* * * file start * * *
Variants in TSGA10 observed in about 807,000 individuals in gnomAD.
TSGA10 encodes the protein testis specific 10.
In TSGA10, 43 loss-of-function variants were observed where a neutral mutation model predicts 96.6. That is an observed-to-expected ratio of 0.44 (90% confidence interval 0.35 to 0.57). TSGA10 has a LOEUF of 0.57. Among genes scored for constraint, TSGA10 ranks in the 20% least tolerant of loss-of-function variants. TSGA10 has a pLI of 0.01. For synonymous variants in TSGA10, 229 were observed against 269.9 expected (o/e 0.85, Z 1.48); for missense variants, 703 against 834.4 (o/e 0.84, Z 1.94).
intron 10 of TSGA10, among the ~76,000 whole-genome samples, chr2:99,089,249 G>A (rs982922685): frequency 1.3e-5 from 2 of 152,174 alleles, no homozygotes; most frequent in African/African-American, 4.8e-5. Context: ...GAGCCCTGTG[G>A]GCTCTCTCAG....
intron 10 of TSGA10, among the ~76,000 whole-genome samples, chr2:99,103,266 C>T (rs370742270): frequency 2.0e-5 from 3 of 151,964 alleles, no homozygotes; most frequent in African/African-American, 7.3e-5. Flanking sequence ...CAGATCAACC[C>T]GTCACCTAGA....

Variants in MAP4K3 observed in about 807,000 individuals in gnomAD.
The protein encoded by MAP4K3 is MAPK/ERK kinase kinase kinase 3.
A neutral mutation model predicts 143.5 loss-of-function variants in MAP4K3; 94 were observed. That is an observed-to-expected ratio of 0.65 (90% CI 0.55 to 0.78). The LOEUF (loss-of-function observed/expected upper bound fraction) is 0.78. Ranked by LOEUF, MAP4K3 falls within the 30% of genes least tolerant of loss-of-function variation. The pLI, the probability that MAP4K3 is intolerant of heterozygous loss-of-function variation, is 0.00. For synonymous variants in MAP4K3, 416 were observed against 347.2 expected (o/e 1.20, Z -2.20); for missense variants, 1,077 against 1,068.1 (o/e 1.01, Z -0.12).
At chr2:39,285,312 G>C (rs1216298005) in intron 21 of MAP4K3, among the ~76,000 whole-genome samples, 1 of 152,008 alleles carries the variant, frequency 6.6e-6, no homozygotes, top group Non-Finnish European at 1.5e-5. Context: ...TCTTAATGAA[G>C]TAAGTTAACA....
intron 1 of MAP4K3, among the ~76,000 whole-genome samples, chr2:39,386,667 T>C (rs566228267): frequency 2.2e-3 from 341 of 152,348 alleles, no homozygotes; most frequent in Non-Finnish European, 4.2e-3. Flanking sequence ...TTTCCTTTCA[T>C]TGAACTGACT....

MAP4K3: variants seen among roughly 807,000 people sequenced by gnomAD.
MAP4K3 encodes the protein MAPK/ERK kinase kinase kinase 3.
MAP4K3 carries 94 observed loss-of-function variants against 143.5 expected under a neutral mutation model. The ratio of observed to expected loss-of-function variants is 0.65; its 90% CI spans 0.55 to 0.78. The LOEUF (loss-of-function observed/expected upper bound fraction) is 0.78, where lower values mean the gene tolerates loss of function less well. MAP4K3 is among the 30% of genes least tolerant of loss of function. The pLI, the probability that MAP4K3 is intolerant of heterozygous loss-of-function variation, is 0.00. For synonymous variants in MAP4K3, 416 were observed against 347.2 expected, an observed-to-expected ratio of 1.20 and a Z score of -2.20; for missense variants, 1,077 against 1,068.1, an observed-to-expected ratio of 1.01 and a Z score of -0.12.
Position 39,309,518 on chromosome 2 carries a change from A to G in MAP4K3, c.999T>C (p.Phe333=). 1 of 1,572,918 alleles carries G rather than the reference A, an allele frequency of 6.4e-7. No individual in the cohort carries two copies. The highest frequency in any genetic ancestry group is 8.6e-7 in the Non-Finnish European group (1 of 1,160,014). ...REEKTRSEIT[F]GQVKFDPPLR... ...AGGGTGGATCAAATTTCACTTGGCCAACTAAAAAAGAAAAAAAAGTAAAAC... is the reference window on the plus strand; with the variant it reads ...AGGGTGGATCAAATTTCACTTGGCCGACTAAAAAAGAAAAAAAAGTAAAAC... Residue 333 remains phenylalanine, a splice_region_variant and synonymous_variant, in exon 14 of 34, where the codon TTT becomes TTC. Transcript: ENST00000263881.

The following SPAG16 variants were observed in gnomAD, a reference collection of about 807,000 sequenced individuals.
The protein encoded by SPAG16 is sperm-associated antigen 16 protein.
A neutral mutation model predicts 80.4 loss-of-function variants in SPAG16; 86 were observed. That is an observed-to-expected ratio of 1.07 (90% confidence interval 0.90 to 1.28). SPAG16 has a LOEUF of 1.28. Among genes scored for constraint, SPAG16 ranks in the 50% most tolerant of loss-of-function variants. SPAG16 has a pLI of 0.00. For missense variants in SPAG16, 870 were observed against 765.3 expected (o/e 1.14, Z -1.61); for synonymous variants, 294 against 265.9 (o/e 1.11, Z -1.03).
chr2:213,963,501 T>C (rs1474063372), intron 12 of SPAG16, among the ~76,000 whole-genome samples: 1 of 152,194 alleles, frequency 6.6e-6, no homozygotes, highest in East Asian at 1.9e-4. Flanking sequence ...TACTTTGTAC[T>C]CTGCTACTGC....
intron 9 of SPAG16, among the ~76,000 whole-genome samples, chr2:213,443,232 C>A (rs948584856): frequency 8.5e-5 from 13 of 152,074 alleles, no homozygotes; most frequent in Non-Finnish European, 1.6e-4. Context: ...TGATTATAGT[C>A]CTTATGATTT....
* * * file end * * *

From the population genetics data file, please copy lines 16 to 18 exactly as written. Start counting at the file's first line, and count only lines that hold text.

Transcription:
The protein encoded by SPAG16 is sperm-associated antigen 16 protein.
A neutral mutation model predicts 80.4 loss-of-function variants in SPAG16; 86 were observed. That is an observed-to-expected ratio of 1.07 (90% confidence interval 0.90 to 1.28). SPAG16 has a LOEUF of 1.28. Among genes scored for constraint, SPAG16 ranks in the 50% most tolerant of loss-of-function variants. SPAG16 has a pLI of 0.00. For missense variants in SPAG16, 870 were observed against 765.3 expected (o/e 1.14, Z -1.61); for synonymous variants, 294 against 265.9 (o/e 1.11, Z -1.03).
chr2:213,963,501 T>C (rs1474063372), intron 12 of SPAG16, among the ~76,000 whole-genome samples: 1 of 152,194 alleles, frequency 6.6e-6, no homozygotes, highest in East Asian at 1.9e-4. Flanking sequence ...TACTTTGTAC[T>C]CTGCTACTGC....